Egg laying patterns and egg development of the butterfly Actinote brylla (Heliconiinae: Acraeini)
Ednaldo F Silva Filho and Ronaldo B Francini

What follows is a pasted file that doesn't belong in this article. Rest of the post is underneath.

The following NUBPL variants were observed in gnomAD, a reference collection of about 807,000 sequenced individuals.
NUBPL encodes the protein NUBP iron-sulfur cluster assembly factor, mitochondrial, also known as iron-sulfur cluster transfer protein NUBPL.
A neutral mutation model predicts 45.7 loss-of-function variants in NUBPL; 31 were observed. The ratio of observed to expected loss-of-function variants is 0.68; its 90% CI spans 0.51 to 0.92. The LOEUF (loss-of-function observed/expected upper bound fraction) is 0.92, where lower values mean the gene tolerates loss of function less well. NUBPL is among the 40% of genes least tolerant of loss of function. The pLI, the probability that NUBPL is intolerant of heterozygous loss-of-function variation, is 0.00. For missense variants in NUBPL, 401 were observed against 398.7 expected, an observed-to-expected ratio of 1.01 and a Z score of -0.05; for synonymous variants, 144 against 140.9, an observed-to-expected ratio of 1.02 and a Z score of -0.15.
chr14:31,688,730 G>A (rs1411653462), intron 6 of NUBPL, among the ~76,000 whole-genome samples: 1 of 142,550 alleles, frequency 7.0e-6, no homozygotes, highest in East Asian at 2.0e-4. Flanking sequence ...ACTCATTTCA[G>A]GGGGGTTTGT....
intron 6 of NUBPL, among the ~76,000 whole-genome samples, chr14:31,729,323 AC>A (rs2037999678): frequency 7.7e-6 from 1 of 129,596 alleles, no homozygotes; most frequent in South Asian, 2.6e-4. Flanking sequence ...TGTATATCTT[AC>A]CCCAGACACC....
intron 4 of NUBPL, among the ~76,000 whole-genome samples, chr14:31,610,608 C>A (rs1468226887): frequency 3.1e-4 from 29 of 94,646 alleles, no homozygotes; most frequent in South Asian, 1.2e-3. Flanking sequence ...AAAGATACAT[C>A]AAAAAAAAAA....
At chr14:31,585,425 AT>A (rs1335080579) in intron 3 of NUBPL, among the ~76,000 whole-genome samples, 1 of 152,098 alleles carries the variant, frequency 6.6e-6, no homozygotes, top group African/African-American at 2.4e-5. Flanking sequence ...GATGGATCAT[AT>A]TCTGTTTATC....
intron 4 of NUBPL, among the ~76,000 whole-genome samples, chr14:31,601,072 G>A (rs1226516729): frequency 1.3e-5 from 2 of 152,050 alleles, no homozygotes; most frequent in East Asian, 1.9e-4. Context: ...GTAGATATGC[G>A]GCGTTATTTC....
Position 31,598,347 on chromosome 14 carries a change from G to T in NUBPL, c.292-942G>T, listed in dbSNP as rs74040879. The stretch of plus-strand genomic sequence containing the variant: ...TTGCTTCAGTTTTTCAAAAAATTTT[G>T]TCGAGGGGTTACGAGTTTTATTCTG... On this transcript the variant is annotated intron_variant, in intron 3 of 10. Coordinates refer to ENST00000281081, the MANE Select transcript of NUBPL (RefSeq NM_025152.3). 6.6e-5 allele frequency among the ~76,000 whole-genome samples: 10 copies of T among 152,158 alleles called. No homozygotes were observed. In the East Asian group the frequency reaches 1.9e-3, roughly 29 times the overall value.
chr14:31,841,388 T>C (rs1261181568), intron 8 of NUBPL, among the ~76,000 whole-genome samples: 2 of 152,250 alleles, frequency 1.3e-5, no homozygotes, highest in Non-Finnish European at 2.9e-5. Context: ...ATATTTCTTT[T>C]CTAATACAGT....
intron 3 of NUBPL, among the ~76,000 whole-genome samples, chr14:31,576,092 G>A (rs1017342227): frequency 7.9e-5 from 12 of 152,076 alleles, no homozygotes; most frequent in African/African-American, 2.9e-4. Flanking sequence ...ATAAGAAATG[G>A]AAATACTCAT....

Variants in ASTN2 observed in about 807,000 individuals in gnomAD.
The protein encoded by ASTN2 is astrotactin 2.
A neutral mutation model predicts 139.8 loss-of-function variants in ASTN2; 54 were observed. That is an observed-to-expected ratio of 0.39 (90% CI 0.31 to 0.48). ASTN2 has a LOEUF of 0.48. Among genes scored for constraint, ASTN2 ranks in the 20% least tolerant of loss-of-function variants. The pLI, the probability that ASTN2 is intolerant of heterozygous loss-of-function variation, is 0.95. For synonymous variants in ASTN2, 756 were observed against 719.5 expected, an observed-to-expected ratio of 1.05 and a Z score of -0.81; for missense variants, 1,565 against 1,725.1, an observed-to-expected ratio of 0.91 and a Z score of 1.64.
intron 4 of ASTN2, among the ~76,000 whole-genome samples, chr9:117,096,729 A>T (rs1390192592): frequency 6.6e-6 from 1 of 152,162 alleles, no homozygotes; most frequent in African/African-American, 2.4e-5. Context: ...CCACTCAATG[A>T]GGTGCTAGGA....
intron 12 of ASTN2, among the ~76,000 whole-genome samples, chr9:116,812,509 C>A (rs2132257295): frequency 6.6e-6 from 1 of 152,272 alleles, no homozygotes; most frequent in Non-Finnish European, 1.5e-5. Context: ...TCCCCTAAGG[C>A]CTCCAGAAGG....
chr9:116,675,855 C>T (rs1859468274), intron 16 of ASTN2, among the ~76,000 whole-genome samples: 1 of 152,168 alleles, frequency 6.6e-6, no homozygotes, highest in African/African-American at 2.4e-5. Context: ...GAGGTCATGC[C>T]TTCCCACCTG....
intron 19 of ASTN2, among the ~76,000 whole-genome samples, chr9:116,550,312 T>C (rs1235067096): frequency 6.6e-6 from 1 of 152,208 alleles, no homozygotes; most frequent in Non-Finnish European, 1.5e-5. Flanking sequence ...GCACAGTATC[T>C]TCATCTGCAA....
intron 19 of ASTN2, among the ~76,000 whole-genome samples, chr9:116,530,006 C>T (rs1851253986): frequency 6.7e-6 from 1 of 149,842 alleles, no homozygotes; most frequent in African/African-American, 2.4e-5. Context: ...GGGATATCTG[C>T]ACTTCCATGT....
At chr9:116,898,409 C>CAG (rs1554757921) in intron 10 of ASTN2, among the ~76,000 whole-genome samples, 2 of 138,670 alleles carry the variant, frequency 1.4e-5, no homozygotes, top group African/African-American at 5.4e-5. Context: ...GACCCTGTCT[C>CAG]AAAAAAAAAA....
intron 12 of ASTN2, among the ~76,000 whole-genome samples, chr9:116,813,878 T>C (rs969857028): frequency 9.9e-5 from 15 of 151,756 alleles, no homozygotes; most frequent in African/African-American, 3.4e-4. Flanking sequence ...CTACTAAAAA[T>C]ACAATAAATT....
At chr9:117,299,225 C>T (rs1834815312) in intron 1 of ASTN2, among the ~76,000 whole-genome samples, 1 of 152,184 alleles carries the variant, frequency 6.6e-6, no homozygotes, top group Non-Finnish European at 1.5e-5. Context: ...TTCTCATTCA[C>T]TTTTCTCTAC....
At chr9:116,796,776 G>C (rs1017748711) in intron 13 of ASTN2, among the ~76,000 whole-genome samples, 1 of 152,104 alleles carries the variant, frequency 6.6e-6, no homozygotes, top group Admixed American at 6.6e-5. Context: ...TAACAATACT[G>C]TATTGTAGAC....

The increase in global temperature will directly affect the phenology of insects and other ectothermic organisms. Understanding how temperature will affect these organisms is necessary to make conservation decisions. Butterflies are indicated as biological models to assess abiotic pressures. This paper describes the influence of temperature on egg development of the Actinote brylla butterfly. Egg-clusters were searched on seven sites in the study area. During immature rearing temperature was continuously monitored by an Arduino Uno-based datalogger with a digital temperature sensor programmed to record environmental temperature at each minute. Statistical analyzes were performed using R software packages. Mean accumulated degree-days during development of 92 recent eggs clusters collected during winter in six sites in the study area ranged from 362.5°C to 385.6°C in a mean temperature interval that ranged from 21.8°C to 22.3°C. The development of Actinote brylla eggs responded positively to temperature increase. Female egg-laying concentrated in the week from July, 7 to July, 13, responding to the increase of day length and the fall of mean temperature.